£37,000 – the salary you need to maximise your happiness levels

How much money would you like to earn? More importantly, at what point would an increase in salary and responsibility no longer be worth it?

I asked my fiancé this question on the back of a news story we were talking about on our community radio show on Friday. (Yes, it is everything you imagine – a hut in a playground, the noise of coffee cups in the background – it’s wonderful.)

“I’m not sure,” he said, “about £120,000?”

“£120,000??” I said. “You can tell you’ve come from London. Who earns £120,000??”

“Lots of people!” he said.

“Well, no one I know.”

The actual tipping point, according to research randomly conducted by Anchor Cheddar, (cheese? why?!), is just £37,000. 91% of the 2,000 people surveyed believe that there’s a point at which the extra salary simply isn’t worth the extra stress and the impact this has on your life. This point averaged out at £37,396.

Researchers also found that 56% of us would rather a job which had a low or average salary, but that left us open to have a rich and fulfilled life, than a stressful job which pays well.

money and happiness

OK, so what I did here was to go to Shutterstock and search ‘money cheese’, hoping that a stack of coins made of cheese would pop up, as a nod to Anchor. I got this. It’s not bad.

Does this figure surprise you?

It doesn’t surprise me at all. I’ve been self-employed now for over six years, and my work flow naturally comes in peaks and troughs. It’s a classic freelance pattern – you go through a quiet phase, panic that no one will ever offer you work again, say yes to everything, then suddenly find yourself with 100 hours a week of work to do. You panic again, cut right back, until you don’t have enough to fill your time.


This could be just me of course, other people may well manage their time much better.

Anyway, my point is that I have come to recognise the points in this cycle at which I am happiest, and they are definitely not the points at which I’m earning the most money. The periods when I am happiest are the periods when I have time to be creative, to think about work from different angles, and to take my time over things. They’re when I can see more of my friends and family, have time to read magazines, watch films and go for spontaneous days out without feeling under pressure to check my phone every five minutes, just in case.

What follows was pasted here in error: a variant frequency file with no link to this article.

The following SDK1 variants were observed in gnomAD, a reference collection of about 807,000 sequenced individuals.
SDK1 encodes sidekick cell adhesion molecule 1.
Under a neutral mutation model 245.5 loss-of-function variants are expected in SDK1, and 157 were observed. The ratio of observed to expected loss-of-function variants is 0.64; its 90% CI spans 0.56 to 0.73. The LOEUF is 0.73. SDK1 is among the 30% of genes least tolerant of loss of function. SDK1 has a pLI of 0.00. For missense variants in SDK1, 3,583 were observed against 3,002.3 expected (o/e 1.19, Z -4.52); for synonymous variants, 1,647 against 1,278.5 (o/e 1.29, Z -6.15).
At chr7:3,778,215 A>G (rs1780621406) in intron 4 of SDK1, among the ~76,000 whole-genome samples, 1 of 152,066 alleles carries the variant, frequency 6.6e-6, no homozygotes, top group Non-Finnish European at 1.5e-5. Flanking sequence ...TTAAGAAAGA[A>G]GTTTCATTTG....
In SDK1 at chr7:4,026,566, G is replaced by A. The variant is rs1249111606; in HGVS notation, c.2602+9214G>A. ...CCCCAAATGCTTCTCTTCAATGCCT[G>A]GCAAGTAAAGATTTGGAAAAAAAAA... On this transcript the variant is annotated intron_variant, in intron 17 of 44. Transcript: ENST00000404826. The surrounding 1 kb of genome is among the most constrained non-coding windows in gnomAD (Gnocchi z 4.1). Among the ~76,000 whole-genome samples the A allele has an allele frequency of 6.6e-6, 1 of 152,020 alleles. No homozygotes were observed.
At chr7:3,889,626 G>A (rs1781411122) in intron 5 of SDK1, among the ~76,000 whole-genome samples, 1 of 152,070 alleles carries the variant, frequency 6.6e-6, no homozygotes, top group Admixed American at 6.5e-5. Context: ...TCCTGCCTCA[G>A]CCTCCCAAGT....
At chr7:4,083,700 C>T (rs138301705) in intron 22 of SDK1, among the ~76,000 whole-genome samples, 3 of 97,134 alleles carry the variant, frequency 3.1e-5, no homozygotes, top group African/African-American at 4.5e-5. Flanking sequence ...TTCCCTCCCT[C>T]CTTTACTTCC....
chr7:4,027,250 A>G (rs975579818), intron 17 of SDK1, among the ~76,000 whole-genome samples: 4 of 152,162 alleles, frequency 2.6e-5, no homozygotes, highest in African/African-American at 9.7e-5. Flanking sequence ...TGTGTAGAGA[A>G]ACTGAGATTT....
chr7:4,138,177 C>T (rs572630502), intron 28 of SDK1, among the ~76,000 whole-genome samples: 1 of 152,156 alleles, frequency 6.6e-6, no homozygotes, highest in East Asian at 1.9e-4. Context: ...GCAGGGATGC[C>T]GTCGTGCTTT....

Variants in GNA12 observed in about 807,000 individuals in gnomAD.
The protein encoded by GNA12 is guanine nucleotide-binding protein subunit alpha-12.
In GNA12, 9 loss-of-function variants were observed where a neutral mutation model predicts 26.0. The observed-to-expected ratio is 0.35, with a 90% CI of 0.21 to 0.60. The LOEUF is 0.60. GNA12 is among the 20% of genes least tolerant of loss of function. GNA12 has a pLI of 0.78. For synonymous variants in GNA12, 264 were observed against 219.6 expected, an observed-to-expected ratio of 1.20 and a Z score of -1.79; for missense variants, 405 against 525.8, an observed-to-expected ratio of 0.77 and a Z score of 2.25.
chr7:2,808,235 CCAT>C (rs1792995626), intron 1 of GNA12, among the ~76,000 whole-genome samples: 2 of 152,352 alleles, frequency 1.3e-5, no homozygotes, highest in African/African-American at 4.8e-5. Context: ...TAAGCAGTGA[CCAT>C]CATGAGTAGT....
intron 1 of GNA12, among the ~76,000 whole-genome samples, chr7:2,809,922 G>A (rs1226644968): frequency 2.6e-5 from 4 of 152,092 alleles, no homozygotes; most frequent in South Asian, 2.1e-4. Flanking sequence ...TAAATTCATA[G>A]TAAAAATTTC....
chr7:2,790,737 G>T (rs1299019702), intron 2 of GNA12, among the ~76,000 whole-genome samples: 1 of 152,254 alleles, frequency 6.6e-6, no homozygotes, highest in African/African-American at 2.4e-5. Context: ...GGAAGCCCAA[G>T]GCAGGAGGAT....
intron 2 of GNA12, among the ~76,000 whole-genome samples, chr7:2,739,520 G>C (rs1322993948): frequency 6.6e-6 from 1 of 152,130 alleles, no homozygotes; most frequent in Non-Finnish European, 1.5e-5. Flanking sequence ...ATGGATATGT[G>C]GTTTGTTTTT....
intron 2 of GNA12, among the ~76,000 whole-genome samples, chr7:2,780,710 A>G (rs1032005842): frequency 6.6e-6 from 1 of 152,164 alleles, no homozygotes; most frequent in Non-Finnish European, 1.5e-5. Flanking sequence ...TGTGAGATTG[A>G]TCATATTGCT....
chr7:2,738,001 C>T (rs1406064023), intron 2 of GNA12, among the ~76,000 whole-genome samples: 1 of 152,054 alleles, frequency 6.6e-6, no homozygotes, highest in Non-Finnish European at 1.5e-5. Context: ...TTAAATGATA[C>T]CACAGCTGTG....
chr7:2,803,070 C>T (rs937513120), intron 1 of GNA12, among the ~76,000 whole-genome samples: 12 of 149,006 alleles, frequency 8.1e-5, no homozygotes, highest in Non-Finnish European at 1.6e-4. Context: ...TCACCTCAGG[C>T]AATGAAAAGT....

From time to time I feel a surge of ambition, and wonder if I should be striving to grow my business. Perhaps I should have a team, or a fancy office somewhere with bean bags. Maybe I need to start an agency, or become a world famous speaker? And then I think about it a bit more, or chase myself around for a couple of weeks, experimenting with a more hectic workload, and then I realise all over again that money simply isn’t a driving factor for me. Yes, I want to be able to pay the bills and go out to eat, but I don’t need fancy clothes or cars or exotic holidays.

I just need time and freedom.

Do you have a tipping point? What would it be?

money and happiness

Image credits – manaemedia/shutterstock and Authentic Creations/shutterstock



  1. 7 October, 2015 / 7:27 pm

    I’d probably have to agree with this as we are just below that at about 32 (before tax) so to jump up to that would mean we didn’t have to worry about bills. I dont want fancy holidays or a sports car but I want to be able to treat my kids to a day out now and again. x

    • Jo Middleton
      8 October, 2015 / 10:18 am

      It doesn’t take much I don’t think to feel like you have ‘enough’ – like you say, you really just want to be able to pay everything without worrying about it and then have a little bit left over for treats. Weirdly, I actually sometimes find I am LESS stressed when I’m really broke, as it feels like it takes something out of the equation – I don’t have to worry about deciding whether or not to spend money, and then feel bad about it, I just don’t!